Wednesday, March 20, 2019

What was your company's patent award?

Via Twitter, a great question:
Hey @Chemjobber have you ever done an unofficial survey of what chemists get from their companies (if anything) for granted patents? Would be interesting to know how that varies by company
This was one of the typical responses:
Two of the three companies I was co-inventor I got nothing, the third gave us crisp dollar bills. 
I am also curious about which companies put associate/non-PhD level chemists as co-inventors - inventorship seems to vary by company. 
I particularly liked this response:
We got a silver dollar when patent was assigned. It was part of the IP contract that the company "bought" the rights for $1. There was also a plaque for the research hall and one for each inventor. All presented during quarterly award meetings. Peer recognition is a huge prize.
Readers, what's your favorite patent badge of honor?  

20 comments:

  1. At a former company, we got $50 for each application we submitted (full utility, not provisional). When they were awarded, we received $100 and a plaque. I never got the second one because I left before mine were granted.

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  2. At a previous job, monetary bonuses of anywhere from tens to hundreds of dollars per inventor (depending on the number of co-inventors) when a patent was filed. At a more recent job, nothing.

    The bonuses were nice to have in an environment with few or no pay raises, but they were a double-edged sword, as they encouraged garbage patent filing and set up a divide between those in "inventing roles" (who would get more money) and those in supporting roles that would never be listed as inventors (who would not).

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  3. I work at a large chemical company, but most of our R&D is application-related. Our company issues a lot of patents but nothing compared to pharma. We get $300 when a patent grants. I know a patent is no guarantee of any commercial success for a product, but I was surprised at the number of responses that only get a dollar!

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    1. I also was surprised. A dollar is just insulting. Even the $50 or $100 I got was insulting because we had a German sister company where the scientists were entitled a royalty from sales. There, inventorship was cutthroat. (I totally forgot about that until after I posted)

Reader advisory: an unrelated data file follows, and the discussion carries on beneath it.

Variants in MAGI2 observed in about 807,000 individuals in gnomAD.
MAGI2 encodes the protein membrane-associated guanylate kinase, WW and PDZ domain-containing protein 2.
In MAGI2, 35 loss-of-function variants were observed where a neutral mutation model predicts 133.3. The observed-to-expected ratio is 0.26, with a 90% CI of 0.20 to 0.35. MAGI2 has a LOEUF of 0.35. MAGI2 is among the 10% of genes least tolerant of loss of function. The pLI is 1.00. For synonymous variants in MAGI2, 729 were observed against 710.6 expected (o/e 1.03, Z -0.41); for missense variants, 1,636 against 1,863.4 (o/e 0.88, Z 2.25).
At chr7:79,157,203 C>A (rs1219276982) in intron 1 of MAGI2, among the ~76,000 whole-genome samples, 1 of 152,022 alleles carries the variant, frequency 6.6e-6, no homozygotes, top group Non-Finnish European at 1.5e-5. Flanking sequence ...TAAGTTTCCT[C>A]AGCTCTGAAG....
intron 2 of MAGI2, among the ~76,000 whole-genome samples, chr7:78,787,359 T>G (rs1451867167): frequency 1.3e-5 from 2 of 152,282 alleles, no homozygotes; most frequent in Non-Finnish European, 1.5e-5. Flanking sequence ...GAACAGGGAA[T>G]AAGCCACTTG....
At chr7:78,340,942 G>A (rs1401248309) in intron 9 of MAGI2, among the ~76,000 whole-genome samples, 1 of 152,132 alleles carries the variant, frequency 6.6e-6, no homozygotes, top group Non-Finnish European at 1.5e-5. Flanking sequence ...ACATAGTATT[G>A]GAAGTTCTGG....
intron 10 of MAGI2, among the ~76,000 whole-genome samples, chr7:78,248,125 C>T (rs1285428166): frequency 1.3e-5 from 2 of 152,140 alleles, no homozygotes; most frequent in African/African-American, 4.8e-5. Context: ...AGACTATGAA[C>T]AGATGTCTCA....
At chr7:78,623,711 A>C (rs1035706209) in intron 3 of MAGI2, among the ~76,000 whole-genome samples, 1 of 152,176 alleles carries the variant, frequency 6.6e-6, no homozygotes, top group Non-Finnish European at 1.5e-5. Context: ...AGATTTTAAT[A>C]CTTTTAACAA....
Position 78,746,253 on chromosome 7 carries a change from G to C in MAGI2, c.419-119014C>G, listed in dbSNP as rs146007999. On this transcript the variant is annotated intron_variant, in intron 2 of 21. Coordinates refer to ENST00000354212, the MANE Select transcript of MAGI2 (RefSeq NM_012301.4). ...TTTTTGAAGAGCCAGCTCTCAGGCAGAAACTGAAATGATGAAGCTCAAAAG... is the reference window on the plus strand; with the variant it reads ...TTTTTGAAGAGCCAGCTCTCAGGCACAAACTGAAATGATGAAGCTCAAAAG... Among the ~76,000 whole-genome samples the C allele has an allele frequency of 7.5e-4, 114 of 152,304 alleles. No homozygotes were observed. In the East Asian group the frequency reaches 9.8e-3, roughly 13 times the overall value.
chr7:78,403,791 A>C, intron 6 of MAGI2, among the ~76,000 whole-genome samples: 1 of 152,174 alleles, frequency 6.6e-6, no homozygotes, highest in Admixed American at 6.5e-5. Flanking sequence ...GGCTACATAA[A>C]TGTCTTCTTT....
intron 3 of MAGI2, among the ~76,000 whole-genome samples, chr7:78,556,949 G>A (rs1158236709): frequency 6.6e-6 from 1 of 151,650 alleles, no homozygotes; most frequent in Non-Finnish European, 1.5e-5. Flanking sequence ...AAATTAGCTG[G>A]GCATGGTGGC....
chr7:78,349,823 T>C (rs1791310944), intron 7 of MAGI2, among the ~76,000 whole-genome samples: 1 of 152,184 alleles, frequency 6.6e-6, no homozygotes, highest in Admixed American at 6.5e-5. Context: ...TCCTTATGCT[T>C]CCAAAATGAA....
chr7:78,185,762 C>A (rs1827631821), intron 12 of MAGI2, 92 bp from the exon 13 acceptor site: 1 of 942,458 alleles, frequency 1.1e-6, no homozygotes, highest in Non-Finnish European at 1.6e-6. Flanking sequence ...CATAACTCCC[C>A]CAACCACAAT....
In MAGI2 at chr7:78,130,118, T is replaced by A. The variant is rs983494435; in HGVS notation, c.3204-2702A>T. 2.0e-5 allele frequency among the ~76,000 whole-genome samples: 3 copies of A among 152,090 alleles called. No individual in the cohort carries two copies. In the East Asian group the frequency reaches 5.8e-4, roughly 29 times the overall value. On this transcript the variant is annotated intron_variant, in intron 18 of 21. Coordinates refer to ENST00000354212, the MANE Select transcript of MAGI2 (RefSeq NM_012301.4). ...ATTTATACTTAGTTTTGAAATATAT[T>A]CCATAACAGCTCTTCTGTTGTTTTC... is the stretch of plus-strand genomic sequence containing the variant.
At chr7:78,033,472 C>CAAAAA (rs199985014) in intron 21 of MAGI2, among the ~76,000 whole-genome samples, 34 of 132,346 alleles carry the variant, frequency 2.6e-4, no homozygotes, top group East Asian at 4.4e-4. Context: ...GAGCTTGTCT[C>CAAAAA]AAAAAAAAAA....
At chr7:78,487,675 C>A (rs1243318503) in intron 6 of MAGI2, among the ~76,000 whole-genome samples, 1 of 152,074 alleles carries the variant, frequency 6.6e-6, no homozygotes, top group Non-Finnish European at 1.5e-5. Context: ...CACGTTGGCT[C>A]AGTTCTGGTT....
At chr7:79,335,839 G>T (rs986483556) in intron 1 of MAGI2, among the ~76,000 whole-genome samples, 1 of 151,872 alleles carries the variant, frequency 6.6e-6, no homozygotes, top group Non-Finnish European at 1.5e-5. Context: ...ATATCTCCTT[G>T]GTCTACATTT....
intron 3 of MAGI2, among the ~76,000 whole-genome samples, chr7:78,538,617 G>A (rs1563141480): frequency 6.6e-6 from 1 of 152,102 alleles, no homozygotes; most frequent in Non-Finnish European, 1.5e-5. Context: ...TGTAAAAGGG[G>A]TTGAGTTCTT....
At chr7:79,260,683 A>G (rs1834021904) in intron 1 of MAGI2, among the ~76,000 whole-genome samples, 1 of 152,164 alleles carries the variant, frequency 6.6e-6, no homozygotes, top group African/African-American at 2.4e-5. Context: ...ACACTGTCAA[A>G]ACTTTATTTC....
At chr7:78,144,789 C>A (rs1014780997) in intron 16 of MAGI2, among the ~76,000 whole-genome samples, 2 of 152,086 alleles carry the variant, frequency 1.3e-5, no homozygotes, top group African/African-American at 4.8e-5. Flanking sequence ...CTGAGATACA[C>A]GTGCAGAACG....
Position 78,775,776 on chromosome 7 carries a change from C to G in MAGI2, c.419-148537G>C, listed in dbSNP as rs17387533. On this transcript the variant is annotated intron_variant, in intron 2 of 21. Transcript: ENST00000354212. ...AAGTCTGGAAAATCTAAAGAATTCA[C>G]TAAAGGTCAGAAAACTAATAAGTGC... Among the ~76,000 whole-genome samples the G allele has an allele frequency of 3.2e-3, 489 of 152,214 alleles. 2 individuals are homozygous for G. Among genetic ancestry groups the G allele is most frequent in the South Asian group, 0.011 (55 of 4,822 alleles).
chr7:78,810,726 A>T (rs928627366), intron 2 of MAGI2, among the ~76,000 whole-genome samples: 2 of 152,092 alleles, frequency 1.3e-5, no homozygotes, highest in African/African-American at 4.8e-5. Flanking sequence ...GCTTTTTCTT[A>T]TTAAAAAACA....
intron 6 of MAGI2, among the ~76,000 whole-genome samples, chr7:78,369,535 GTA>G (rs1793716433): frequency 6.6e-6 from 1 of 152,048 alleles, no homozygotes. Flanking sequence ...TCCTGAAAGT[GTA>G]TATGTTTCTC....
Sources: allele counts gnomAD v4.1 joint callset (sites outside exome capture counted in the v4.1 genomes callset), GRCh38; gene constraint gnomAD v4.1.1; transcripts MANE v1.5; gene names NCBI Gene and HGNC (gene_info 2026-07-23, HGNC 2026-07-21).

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    2. The dollar is the 'compensation' you receive for signing your patent rights away. My former company did the same thing. I think they have to give you some form of compensation for your patent rights, or at least they used to....

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  4. Never been anywhere that offered more than $1. The biotechs I worked at recently gave nothing.

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    1. I'd buy that for a dollar!

      https://www.youtube.com/watch?v=u5HOt0ZOcYk


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  5. at former job, we got marble "bricks" with our name and patent number inscribed on them when the patent was granted. I have about 40 of those doorstops. After 11 or so years of this they started offering money - maybe $1000/patent divided between the inventors.
    The stated rationale behind the bricks was to keep people from pressing to be on patents where they didn't contribute/keeping folks off who did contribute, but quite honestly they could've achieved the same goals by not having high rewards, or even giving us whatever it cost to order the bricks.

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  6. We would get a silver dollar which was embedded in the plaque that we got. My silver dollar fell out and I had to glue it back in.